Since the beginning of Youtube those who create gaming videos have been seen as honest in an industry which frequently feels less than so. Seen by many as an informal counterweight to more traditional video game journalism, many Youtubers have built their reputation on being virtuous by saying what needs to be said and not being corrupted by the horrible, greedy hand of video game publishers. Many younger, more impressionable, viewers follow these creators in awe, taking in every word as if some sort of gospel. After all how could these people who show their smiling faces to the world, be anything but honest?

Well, if the Counter Strike betting scandal has taught anyone anything it should be this: a face gives a liar more to work with.

For those who don’t know, two Youtubers filmed several videos of themselves gambling on a betting website, with the Youtubers betting with skins from Counter Strike: Global Operation. These skins can be traded in for real life money via Steam. In the videos the Youtubers are seen winning a lot of very high-valued skins after gambling away a few lower-value ones. The Youtubers smile and tell viewers how much fun it is and how the stakes are really low. It turned out the Youtubers in question (TmarTn and Syndicate) actually owned the gambling site they were using and promoting, despite the two saying otherwise.

After the Youtubers were found to be lying, they promptly went about doing some damage control. One the Youtubers involved, TmarTn, made a video accusing another Youtuber of lying about him being the owner of the gambling website. “I don’t know how you sleep at night knowing that you put other people down with misinformation,” TmarTn said. I don’t suspect that the irony is lost on him.

Despite how crazy all of this, nothing about these events shocked me as this is just one example of Youtubers turning out to be less than virtuous folk.

TotalBiscuit got into trouble in 2014 when it was found that he wasn’t properly disclosing when a video was sponsored. Whilst TotalBiscuit did disclose that a video was sponsored in the About section of video, with him saying “there doesn’t need to be disclosure during the video itself”, the FTC disagreed saying: “[The disclosure] should basically be unavoidable by the viewer.” TotalBiscuit promptly changed his approach to listing sponsored content, with him putting the words “Sponsored” in video titles and telling viewers that the content was sponsored at the beginning of the video. He was praised for his honesty, which was something I never understood. The way I viewed it then, and the way I still see it now, is that he only changed it because he got caught.

TotalBiscuit was attempting to do less than the bare minimum by hiding his disclosures in the often hidden “About” section on Youtube. Christian Nutt, a journalist from, put it wonderfully:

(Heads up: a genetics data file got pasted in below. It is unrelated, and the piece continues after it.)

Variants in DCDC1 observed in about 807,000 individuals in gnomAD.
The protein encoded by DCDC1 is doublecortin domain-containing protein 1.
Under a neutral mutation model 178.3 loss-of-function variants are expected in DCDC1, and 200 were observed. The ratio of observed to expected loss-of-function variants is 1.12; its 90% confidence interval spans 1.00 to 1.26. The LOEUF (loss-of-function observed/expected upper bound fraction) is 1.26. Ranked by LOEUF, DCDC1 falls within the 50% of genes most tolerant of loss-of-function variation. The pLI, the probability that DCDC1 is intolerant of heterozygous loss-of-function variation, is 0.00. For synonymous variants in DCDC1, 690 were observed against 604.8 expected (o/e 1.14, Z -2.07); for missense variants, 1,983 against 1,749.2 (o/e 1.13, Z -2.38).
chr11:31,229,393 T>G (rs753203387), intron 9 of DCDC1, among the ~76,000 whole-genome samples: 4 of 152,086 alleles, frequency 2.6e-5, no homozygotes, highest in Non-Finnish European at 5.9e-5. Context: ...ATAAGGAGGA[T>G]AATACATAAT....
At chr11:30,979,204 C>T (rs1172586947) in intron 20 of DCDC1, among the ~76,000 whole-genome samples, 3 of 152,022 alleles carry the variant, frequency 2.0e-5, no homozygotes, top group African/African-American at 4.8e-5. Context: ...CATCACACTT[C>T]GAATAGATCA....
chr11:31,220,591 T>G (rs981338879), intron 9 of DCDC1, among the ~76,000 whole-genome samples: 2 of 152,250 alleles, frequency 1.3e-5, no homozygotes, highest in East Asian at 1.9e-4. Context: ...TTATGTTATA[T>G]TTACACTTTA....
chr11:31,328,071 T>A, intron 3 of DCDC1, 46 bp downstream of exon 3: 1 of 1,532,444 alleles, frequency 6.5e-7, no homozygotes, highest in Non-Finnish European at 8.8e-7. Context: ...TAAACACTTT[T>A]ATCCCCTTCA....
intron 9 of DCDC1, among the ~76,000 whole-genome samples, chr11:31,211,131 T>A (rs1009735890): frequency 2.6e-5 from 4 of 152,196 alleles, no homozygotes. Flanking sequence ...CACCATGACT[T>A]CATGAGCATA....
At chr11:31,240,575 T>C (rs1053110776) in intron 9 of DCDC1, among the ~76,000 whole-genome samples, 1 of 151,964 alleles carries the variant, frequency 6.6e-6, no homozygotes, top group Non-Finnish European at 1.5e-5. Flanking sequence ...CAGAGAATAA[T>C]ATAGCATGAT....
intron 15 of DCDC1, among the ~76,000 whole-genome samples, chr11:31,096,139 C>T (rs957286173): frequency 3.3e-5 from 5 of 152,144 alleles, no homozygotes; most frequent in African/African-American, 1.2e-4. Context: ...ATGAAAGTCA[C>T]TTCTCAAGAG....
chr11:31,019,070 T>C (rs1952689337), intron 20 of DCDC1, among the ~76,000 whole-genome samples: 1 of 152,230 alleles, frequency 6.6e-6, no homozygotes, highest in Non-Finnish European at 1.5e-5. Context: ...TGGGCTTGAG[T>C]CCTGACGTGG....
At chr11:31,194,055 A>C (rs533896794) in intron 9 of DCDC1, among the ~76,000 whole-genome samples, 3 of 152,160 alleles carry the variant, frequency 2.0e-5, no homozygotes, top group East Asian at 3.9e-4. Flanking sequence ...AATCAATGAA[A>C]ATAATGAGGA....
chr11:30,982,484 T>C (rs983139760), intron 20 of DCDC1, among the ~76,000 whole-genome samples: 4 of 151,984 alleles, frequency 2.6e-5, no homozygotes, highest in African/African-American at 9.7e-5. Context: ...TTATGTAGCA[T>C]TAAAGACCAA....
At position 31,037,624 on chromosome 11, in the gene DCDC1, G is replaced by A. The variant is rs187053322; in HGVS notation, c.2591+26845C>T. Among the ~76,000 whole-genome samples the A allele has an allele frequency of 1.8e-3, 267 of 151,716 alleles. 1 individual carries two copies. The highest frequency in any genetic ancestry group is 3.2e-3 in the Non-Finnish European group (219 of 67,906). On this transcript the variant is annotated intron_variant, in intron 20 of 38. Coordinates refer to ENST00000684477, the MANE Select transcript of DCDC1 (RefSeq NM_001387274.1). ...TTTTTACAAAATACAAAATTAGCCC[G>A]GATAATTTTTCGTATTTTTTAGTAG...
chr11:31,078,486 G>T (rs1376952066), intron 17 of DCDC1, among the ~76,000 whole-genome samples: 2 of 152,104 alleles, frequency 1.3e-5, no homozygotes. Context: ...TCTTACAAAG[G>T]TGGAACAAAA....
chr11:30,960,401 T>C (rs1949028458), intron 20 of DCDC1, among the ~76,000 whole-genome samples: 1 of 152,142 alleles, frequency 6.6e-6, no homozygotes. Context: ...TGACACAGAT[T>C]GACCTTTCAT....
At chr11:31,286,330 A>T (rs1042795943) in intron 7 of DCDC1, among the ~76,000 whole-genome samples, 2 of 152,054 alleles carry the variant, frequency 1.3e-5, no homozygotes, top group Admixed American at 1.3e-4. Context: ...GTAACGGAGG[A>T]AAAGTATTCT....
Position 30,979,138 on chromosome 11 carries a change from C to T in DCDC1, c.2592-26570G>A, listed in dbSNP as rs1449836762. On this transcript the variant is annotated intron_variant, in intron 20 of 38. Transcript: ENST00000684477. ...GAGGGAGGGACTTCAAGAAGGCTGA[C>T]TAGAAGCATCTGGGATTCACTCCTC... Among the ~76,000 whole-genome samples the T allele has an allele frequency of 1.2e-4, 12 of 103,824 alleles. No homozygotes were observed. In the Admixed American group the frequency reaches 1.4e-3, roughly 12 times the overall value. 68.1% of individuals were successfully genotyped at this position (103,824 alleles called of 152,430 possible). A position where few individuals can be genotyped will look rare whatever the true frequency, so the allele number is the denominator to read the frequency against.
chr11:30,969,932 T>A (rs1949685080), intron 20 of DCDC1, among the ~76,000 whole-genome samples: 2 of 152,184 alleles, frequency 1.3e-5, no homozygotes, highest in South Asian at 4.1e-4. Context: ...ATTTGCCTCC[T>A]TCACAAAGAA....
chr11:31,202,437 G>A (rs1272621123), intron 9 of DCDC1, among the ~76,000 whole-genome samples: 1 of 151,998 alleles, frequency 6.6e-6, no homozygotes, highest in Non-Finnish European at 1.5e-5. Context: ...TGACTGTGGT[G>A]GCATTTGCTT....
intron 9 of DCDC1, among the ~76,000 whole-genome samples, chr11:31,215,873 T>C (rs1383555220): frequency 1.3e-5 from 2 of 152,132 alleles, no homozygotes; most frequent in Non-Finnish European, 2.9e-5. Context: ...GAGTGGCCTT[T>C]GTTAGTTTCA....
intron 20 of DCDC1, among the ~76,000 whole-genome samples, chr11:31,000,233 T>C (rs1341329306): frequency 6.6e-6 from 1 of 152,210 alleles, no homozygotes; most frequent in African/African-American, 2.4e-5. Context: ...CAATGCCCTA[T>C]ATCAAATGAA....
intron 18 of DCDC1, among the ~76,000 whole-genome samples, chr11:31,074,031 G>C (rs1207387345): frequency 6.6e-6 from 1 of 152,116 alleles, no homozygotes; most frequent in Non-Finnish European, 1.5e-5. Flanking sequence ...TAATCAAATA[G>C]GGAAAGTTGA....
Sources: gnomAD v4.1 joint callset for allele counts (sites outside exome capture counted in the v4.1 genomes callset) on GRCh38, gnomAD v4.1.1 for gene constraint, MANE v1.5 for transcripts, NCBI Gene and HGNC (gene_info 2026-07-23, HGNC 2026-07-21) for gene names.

“There’s nothing at the beginning or the end disclosing that it’s sponsored. The only mention is in the “about” text, which YouTube hides by default and which won’t be shown if the video is embedded elsewhere.

“What’s much is meaningful, I think, is this question: Is this content distinguishable by an average viewer from un-sponsored content?”

To put it simply, no… it was very hard to tell, and was definitely legally ambiguous.

Still, maybe I’m being too overly critical considering how well TotalBiscuit currently discloses his sponsored content, especially when it’s taken into account that a lot of Youtubers still don’t disclose their paid videos properly.

Unfortunately morally ambitious Youtubers aren’t just limited to video games, but also extend to vloggers too. In 2014 Youtube vlogger Zoella released a book (entitled Girl Online), which become a bestseller. Unfortunately it later turned out that the book had been ghostwritten by another author. Pengiun, the book’s publisher, said “To be factually accurate, you would need to say Zoe Sugg did not write the book Girl Online on her own”. For someone whose entire “brand” is about honesty, the move was a very sleazy thing to do, as thousands of teenagers were tricked into buying a book which she had nothing to do with.

Ultimately, I suspect that there will be many more issues with Youtube and it’s mostly young creators in the future.

To return to the topic of video games, the thing which perhaps annoys me the most is that many people still fail to question Youtube content creators, blindingly following their word without a thought about how it’s being influenced.

With more and more gamers not trusting traditional games journalism, something which I completely understand, it seems so very odd to me that people would put their faith in Youtubers instead. Rather than take that skepticism consumers apply to traditional media and apply it to Youtubers, viewers just forgo it completely. Once more, some gamers go to even greater lengths to completely disregard something BECAUSE it isn’t said by a Youtuber. People’s faith in video content creators is so strong that they ignore anything which says otherwise.

The Youtuber fallacy of default honesty and innocence needs to come to an end. Youtubers have never been detached from the world of greed, lies and money, they just hide it a lot better than most. Whenever you read, hear or watch something it should always be questioned. Just because there’s a face with a big smile or a voice with an informal tone, doesn’t mean that what you’re hearing is genuine or true.

The sooner gamers can detach themselves from this ideal, the better. Maybe then scandals such as the one involving Counter Strike: Global Operation will stop.